Hall AC, Lucas FR, Salinas PC, 2000, Axonal remodelling and synaptic differentiation in the cerebellum is regulated by Wnt7a signalling, Cell, Vol: 100, Pages: 525-535
Fruttiger M, Karlsson L, Hall AC, et al., 1999, Defective oligodendrocyte development and severe hypomyelination in PDGF-A knockout mice., Development, Vol: 126, Pages: 457-467, ISSN: 0950-1991
There is a class of oligodendrocyte progenitors, called O-2A progenitors, that is characterized by expression of platelet-derived growth factor &agr;-receptors (PDGFR(&agr;)). It is not known whether all oligodendrocytes are derived from these PDGFRalpha-progenitors or whether a subset(s) of oligodendrocytes develops from a different, PDGFR alpha-negative lineage(s). We investigated the relationship between PDGF and oligodendrogenesis by examining mice that lack either PDGF-A or PDGF-B. PDGF-A null mice had many fewer PDGFR alpha-progenitors than either wild-type or PDGF-B null mice, demonstrating that proliferation of these cells relies heavily (though not exclusively) on PDGF-AA homodimers. PDGF-A-deficient mice also had reduced numbers of oligodendrocytes and a dysmyelinating phenotype (tremor). Not all parts of the central nervous system (CNS) were equally affected in the knockout. For example, there were profound reductions in the numbers of PDGFR alpha-progenitors and oligodendrocytes in the spinal cord and cerebellum, but less severe reductions of both cell types in the medulla. This correlation suggests a close link between PDGFRalpha-progenitors and oligodendrogenesis in most or all parts of the CNS. We also provide evidence that myelin proteolipid protein (PLP/DM-20)-positive cells in the late embryonic brainstem are non-dividing cells, presumably immature oligodendrocytes, and not proliferating precursors.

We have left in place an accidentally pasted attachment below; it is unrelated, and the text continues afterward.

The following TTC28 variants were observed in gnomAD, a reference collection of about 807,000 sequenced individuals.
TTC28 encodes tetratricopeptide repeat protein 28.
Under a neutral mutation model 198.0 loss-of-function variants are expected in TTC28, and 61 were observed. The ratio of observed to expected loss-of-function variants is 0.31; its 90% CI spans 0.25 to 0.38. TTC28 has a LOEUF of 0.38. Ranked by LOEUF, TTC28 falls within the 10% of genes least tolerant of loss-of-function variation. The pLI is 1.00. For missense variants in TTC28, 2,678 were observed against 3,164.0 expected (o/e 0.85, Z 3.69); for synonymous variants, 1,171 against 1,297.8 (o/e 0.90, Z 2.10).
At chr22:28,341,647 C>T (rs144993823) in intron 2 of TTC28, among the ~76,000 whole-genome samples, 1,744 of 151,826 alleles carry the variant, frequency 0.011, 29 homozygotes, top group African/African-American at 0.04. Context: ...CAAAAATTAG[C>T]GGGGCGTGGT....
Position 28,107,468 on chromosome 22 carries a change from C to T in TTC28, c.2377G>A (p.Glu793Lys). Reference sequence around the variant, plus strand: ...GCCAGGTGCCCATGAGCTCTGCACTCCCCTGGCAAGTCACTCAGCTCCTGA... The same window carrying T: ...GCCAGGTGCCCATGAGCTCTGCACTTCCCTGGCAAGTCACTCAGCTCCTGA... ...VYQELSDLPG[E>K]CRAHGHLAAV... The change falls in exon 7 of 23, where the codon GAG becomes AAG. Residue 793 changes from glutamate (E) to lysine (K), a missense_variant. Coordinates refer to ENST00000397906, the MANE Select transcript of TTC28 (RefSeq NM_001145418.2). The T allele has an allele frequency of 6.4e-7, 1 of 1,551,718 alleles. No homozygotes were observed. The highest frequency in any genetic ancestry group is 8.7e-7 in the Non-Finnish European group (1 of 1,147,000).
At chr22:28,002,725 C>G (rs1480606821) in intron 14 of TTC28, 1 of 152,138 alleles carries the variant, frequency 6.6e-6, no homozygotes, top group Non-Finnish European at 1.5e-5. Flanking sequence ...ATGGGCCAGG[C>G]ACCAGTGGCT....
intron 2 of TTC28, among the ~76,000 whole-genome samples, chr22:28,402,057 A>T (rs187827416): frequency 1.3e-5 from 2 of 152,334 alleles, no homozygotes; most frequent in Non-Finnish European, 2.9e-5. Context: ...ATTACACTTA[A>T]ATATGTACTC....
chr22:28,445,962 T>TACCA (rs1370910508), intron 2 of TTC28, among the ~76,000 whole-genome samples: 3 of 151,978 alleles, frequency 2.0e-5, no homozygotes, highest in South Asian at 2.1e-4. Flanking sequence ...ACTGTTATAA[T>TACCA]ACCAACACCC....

Salinas PC, Hall AC, 1999, Lithium and synaptic plasticity, Bipolar disorders, Vol: 2, Pages: 87-90
Calver AR, Hall AC, Yu WP, et al., 1998, Oligodendrocyte population dynamics and the role of PDGF in vivo., Neuron, Vol: 20, Pages: 869-882, ISSN: 0896-6273
Oligodendrocyte progenitors originate near the floor plate of the spinal cord, then proliferate and migrate throughout the cord before giving rise to oligodendrocytes. Progenitor cell proliferation stops before birth because the cell cycle slows down, linked to an increase in differentiation and death. Experiments with transgenic mice show that platelet-derived growth factor (PDGF) drives progenitor cell division and suggest that slowing of and exit from the cycle reflects a decline in PDGF signaling. Overexpressing PDGF induces hyperproliferation of progenitor cells and excessive, ectopic production of oligodendrocytes. However, the superfluous oligodendrocytes die at an immature stage of differentiation, leaving a normal complement of myelin-forming cells. Therefore, cell survival controls override proliferation controls for determining the final number and distribution of mature oligodendrocytes.